Building a customised fixed gear in 12 hours
Click on images for larger versions
After spending many hours and Dollars building my last bike, I
wondered what sort of result could be obtained by quickly throwing
together a simple bike that has no gears or other 'extras', while
spending as little dosh as possible. Say, buy an old bike on TradeMe
(the New Zealand equivalent of eBay), pull all the gears and brakes
off, convert it to fixed gear, and maybe give it a quick coat of
paint. Quick, simple, cheap.
Some lurking in the cycling area of TradeMe revealed the somewhat
disfunctional mens bike that you see on the right. I placed a bid of
$1, and much to my surprise actually won the auction.
After picking the bike up from the seller, I discovered it to be an
old Raleigh Royale.
Inspection of the
frame revealed that a re-paint would be necessary. I had planned on
an eight hour rebuild, perhaps during a long sunny Saturday, but the
necessity of a re-paint (and associated drying of said paint) would
mean the build would take longer than one day. I decided that eight
hours, but not all at once might be more realistic.
I started by first lubricating all the parts on the bike, then leaving
it to sit for a few days until I had more time. It was then easy to
remove all the gears, seat post, brakes, brake levers etc. In very
little time I had it down to the bare frame plus bottom bracket and
cranks. At this point things came unstuck and I spent some 2.5 hours
removing the cottered cranks and the seriously seized bottom bracket.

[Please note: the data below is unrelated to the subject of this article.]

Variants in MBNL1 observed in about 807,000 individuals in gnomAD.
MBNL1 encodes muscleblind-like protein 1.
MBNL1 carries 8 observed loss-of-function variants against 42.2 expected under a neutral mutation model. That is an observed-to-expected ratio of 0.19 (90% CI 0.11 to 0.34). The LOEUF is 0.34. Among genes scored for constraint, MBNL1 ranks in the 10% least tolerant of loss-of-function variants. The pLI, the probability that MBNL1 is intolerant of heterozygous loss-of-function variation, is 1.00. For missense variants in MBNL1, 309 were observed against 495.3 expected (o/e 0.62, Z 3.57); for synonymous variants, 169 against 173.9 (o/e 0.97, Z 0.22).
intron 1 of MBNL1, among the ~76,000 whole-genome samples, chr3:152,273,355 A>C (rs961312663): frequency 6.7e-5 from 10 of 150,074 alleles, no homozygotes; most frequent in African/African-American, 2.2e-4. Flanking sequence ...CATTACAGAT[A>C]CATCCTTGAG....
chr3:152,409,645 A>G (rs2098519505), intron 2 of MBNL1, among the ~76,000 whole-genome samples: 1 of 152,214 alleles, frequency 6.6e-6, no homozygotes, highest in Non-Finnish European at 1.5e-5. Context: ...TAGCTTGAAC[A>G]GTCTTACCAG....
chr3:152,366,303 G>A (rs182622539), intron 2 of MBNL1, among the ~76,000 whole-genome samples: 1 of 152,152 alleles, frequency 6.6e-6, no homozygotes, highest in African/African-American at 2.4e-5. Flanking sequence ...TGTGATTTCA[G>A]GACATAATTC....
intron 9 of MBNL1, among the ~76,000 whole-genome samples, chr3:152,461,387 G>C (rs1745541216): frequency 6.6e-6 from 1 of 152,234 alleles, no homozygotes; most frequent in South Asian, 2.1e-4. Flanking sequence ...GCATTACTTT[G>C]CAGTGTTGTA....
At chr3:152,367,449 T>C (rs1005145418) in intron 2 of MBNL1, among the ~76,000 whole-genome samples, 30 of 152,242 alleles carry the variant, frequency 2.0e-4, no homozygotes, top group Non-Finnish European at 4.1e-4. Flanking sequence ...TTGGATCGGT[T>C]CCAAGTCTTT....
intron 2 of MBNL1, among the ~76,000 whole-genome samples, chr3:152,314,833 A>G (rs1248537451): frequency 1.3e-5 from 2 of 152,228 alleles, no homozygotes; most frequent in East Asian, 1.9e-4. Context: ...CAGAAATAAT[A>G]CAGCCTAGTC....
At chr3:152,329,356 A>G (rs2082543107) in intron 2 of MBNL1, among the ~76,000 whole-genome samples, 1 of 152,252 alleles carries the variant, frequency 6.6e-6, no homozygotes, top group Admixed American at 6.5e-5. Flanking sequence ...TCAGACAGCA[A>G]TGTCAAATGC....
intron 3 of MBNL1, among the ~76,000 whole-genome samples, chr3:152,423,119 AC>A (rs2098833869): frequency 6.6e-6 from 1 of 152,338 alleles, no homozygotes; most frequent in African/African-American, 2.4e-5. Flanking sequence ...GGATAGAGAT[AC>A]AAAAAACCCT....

At the end of this I'm ashamed to say the bottom bracket was toast.
About this time I found out that Raleigh have a different standard for
threads, and nothing locally available today would fit the now
somewhat mangled bottom bracket shell. Doh!
Not being one to give up, I went to the
local bike shop, who for a
fee re-threaded the bottom bracket shell to ISO standard. At the same
time I bought a cheap cartridge bottom bracket to give me a 42mm
chain-line, the standard for track bikes.
With a $20 angle grinder (bought from
Bunnings no less), I removed all
of the extra frame braze-ons, giving a much cleaner look. The front
brake would be all that would be going back on this baby.
Next I used a 3M sanding wheel fitted to an electric drill to remove
most of the paint, and all of the surface rust. After a wipe down, I
painted the drop-outs, seat post binder area, and front brake mount
area with POR-15 paint. This
paint is supposedly very tough and I wanted to improve on my previous
attempts where wheel axle nuts and other frame mounted parts bite into
the paint and look awful. Time will tell if the POR-15 is all it is
cracked up to be.
For cosmetic reasons I used auto body filler to cover up the rear